Thursday, June 17, 2010

Aristotle’s Nicomachean Ethics: a milestone in the exploration of virtue, community, and the end of man

In his Nicomachean Ethics, Aristotle develops a framework from which to explore morality, human happiness, and man’s purpose. Some have suggested that Aristotle’s framework for ethics was less rigid than that of his predecessor Plato, who took a deductive approach that began with the forms. Although Aristotle’s form begins with the particulars in a more inductive fashion, his Ethics demonstrates that he is as much as a absolutist as Plato was. He concludes that there are certain values, such as courage or generosity, that are absolutely good, though they may manifest themselves in each individual differently.

Book I. Happiness
The ultimate purpose behind each person’s existence is the attainment of happiness, which Aristotle defines as the contemplation of universal truth. Happiness is not for Aristotle a subjective feeling but rather an objective state that comes about when the soul engages in activity that accords with virtue.
In order to determine what this state of happiness looks like, Aristotle must define virtue. He first equates virtue with excellence in furthering man’s purpose. Just as sharpness is the quality that makes a knife excellent because it furthers the knife’s purpose, so too must we look to man’s purpose in order to determine the qualities that further it. Aristotle holds that man’s purpose is to lead a life of reason and deliberation. Happiness is thus equated with the rational activity of the soul that seeks to contemplate and understand reality. Virtue furthers this purpose and leads to a more complete life.

Books II, III, IV. Virtue of Character and the Preconditions of Virtue
What are the virtues that enabled man to fulfill his purpose? Aristotle defines moral virtue is a “mean” between the extremes of excess and deficiency. It is not an “average” between extremes, but rather, a central, balanced position. Moderation is the key to the virtues. For example, courage is a virtue that is the mean between cowardice and rashness: whereas the cowardly will not act at all, the rash will rush into imprudent and risky action. The courageous, in contrast, act at the right time and to the right extent in undertaking the right degree of risk. Similarly, pride is the mean between vanity and humility and gentleness is the mean between irascibility and spiritlessness.
In matters of wealth, the two extremes are prodigality, which leads to waste, and meanness or stinginess, which attaches too much importance on wealth. Generosity or liberality, in contrast, is the mean in matters pertaining to wealth. Wealth is therefore best used by the generous man, who spends for the sake of the noble and right; he will give the right amount to the right people at the right time.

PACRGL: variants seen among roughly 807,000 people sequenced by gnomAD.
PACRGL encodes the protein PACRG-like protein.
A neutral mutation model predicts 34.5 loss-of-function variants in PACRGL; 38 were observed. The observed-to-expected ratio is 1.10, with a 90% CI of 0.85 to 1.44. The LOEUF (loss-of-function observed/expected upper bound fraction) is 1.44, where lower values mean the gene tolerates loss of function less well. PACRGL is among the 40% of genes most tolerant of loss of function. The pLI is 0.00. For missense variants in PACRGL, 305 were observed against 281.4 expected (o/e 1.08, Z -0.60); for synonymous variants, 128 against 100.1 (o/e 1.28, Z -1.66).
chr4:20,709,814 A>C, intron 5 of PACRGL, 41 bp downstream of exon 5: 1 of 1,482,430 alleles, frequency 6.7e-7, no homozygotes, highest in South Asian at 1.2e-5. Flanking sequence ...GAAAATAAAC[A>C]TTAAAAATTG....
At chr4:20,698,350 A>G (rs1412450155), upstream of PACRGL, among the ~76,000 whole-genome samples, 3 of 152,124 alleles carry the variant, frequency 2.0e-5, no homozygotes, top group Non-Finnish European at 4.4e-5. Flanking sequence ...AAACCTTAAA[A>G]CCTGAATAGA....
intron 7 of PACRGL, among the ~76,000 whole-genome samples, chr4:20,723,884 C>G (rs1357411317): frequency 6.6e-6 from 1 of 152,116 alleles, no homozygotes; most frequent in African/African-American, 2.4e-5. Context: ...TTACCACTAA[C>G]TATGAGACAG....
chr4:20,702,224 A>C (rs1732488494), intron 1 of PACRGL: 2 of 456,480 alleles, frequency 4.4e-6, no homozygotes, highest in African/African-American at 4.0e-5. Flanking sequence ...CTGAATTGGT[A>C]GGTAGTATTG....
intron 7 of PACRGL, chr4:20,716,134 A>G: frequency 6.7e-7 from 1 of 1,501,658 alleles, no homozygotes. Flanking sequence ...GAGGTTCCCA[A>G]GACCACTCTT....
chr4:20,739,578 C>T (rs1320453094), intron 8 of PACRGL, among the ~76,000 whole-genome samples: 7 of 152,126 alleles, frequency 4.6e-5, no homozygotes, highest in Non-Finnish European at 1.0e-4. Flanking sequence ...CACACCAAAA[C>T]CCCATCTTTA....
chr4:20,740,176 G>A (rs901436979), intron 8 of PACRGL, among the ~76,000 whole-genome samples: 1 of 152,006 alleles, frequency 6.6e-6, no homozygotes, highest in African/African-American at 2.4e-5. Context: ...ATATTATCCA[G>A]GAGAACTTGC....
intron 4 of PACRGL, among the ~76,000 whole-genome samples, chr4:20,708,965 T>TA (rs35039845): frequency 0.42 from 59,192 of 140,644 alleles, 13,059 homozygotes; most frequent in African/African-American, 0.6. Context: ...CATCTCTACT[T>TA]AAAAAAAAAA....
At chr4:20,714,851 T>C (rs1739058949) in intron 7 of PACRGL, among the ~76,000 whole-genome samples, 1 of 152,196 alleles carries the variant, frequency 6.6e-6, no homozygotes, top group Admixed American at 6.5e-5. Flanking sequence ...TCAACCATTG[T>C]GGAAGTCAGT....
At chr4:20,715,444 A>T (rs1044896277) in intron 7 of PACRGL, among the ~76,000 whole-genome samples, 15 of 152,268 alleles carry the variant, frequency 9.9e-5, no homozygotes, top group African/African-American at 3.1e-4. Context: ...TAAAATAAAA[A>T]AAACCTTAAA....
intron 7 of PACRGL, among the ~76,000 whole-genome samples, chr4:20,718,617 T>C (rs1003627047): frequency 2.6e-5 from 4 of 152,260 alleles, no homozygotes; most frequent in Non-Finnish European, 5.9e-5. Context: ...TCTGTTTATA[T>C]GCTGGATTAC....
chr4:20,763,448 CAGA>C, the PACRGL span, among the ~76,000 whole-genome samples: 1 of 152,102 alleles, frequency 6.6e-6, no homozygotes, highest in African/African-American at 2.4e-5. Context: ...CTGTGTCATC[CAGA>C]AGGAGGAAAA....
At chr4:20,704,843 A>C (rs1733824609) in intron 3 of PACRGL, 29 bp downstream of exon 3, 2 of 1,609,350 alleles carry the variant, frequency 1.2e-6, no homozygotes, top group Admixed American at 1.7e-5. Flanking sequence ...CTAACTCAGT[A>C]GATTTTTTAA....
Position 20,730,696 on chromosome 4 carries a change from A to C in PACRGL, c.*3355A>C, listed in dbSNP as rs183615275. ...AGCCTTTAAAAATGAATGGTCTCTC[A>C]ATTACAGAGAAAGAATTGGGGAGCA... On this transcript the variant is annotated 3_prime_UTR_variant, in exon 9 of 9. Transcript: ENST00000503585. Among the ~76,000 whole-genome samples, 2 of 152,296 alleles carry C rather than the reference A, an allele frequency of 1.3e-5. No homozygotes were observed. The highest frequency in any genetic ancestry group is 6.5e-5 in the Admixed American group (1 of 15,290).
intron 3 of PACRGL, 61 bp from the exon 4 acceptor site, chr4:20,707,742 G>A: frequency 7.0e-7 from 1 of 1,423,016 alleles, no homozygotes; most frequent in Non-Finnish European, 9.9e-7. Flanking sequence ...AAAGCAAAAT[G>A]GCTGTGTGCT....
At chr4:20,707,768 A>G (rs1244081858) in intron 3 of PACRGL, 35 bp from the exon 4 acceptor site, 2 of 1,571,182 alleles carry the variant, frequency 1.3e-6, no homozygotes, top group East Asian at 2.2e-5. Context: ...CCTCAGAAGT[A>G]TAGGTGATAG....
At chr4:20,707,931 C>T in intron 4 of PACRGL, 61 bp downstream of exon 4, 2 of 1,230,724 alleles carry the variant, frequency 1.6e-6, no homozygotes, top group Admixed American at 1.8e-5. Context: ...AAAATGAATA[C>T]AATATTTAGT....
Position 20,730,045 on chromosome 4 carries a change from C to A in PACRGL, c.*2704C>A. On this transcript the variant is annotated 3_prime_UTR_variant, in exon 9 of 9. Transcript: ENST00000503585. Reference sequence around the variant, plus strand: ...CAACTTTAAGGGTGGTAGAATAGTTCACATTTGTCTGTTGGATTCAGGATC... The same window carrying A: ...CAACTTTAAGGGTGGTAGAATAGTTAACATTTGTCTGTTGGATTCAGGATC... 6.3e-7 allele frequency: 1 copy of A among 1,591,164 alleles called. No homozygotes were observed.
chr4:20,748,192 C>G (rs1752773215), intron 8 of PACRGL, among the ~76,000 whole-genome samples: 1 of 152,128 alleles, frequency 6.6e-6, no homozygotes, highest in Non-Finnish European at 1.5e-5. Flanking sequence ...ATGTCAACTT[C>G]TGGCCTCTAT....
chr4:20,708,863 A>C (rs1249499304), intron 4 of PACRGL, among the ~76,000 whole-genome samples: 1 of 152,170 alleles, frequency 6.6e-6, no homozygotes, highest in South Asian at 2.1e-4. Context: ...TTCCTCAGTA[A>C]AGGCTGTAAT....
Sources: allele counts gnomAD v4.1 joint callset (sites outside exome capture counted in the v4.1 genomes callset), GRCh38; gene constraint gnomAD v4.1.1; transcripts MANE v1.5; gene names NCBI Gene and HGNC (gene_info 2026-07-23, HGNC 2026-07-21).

Among the other virtues, Aristotle discusses magnanimity, temperance, truthfulness, justice, and wit. All of these virtues manifest themselves differently in each individual, but they always hold the characteristic of moderation between extremes. The more the individual acts out with knowledge and self-discipline in accordance with these virtues by making moral choices for the good, the more the individual will acquire virtue and true happiness.

Book VII. Incontinence
Aristotle distinguishes between three bad moral states—vice, incontinence, and brutishness—and their contrary states—virtue, continence, and superhuman virtue. He focuses his discussion on continence and incontinence. Whereas incontinence is weakness of will that impedes an individual from acting according to what he knows to be good, continence is the strength to do as he knows to be good and successfully resist the passions.
When one commits a vice, he acts immorally according to his choice. When he acts incontinently, however, he acts against what he knows to be the moral good, and thus acts against what his mind wills. Incontinent action is therefore not vice in the strict sense, and one may be consciously aware that he is committing an incontinent act while he is in the act of committing it.
The pleasures that may lead to incontinency revolve around three kinds of activities: (i) unnecessary pleasures, such as honor and wealth; (ii) things worthy of avoidance; and (iii) the necessary functions for life, such as food and sexual intercourse. An incontinent man is unable to abide by his resolutions to resist these desires.

Book VIII. Friendship and Community
Although a life of intellectual virtue is man’s highest state of happiness, it involves a level of isolation that is not completely possible for man. Because man is a social creature, a necessary part of his life involves community and friendship, the relationship where a man acts out for the good of another and tastes his joys and shares his sorrows as though they were his own. Yet while man engages in friendship and community, his decisions should be governed by the intellect in accordance with virtue. It is the purpose of politics and the city to enable the framework from which men can realize this vision and thus live the good life.

Book X. Pleasure
As for pleasure, Aristotle does not equate it with the hedonistic sense that it has come to acquire in our modern day. Rather, pleasure is for Aristotle the ultimate good that results from virtuous action. Because virtue is inextricably tied up to happiness, the virtuous man leads the most pleasant life. Although the end or purpose of virtue is not pleasure, the virtuous man, because he engages in virtue for its own sake, will experience pleasure as a natural consequence of his nature.

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